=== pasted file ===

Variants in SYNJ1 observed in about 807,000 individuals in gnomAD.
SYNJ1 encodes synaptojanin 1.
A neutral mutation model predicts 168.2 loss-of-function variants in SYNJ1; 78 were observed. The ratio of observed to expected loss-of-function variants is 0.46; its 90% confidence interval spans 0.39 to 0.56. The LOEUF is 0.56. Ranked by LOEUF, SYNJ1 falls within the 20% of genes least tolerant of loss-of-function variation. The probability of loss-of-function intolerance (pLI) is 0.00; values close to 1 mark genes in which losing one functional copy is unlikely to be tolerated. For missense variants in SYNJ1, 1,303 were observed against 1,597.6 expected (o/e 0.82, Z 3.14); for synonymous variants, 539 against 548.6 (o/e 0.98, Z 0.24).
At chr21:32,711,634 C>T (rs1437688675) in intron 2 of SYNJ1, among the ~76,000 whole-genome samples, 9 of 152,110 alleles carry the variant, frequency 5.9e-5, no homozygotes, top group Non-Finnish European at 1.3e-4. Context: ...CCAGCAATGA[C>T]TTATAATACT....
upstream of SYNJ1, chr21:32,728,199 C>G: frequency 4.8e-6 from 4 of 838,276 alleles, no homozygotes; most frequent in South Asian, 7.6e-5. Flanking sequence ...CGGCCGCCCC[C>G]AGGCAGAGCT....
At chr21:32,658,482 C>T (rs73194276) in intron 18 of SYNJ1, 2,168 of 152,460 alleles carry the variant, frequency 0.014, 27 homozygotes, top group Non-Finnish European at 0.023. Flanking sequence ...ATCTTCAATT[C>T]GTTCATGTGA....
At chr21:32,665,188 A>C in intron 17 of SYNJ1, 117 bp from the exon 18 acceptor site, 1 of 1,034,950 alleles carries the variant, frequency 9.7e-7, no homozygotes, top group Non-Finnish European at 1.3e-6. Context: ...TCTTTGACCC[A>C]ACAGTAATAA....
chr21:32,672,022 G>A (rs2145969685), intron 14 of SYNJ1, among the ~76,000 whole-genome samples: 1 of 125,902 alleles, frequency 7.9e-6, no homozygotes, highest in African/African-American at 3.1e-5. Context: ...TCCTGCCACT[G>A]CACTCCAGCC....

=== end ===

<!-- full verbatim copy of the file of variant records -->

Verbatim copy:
Variants in SYNJ1 observed in about 807,000 individuals in gnomAD.
SYNJ1 encodes synaptojanin 1.
A neutral mutation model predicts 168.2 loss-of-function variants in SYNJ1; 78 were observed. The ratio of observed to expected loss-of-function variants is 0.46; its 90% confidence interval spans 0.39 to 0.56. The LOEUF is 0.56. Ranked by LOEUF, SYNJ1 falls within the 20% of genes least tolerant of loss-of-function variation. The probability of loss-of-function intolerance (pLI) is 0.00; values close to 1 mark genes in which losing one functional copy is unlikely to be tolerated. For missense variants in SYNJ1, 1,303 were observed against 1,597.6 expected (o/e 0.82, Z 3.14); for synonymous variants, 539 against 548.6 (o/e 0.98, Z 0.24).
At chr21:32,711,634 C>T (rs1437688675) in intron 2 of SYNJ1, among the ~76,000 whole-genome samples, 9 of 152,110 alleles carry the variant, frequency 5.9e-5, no homozygotes, top group Non-Finnish European at 1.3e-4. Context: ...CCAGCAATGA[C>T]TTATAATACT....
upstream of SYNJ1, chr21:32,728,199 C>G: frequency 4.8e-6 from 4 of 838,276 alleles, no homozygotes; most frequent in South Asian, 7.6e-5. Flanking sequence ...CGGCCGCCCC[C>G]AGGCAGAGCT....
At chr21:32,658,482 C>T (rs73194276) in intron 18 of SYNJ1, 2,168 of 152,460 alleles carry the variant, frequency 0.014, 27 homozygotes, top group Non-Finnish European at 0.023. Flanking sequence ...ATCTTCAATT[C>T]GTTCATGTGA....
At chr21:32,665,188 A>C in intron 17 of SYNJ1, 117 bp from the exon 18 acceptor site, 1 of 1,034,950 alleles carries the variant, frequency 9.7e-7, no homozygotes, top group Non-Finnish European at 1.3e-6. Context: ...TCTTTGACCC[A>C]ACAGTAATAA....
chr21:32,672,022 G>A (rs2145969685), intron 14 of SYNJ1, among the ~76,000 whole-genome samples: 1 of 125,902 alleles, frequency 7.9e-6, no homozygotes, highest in African/African-American at 3.1e-5. Context: ...TCCTGCCACT[G>A]CACTCCAGCC....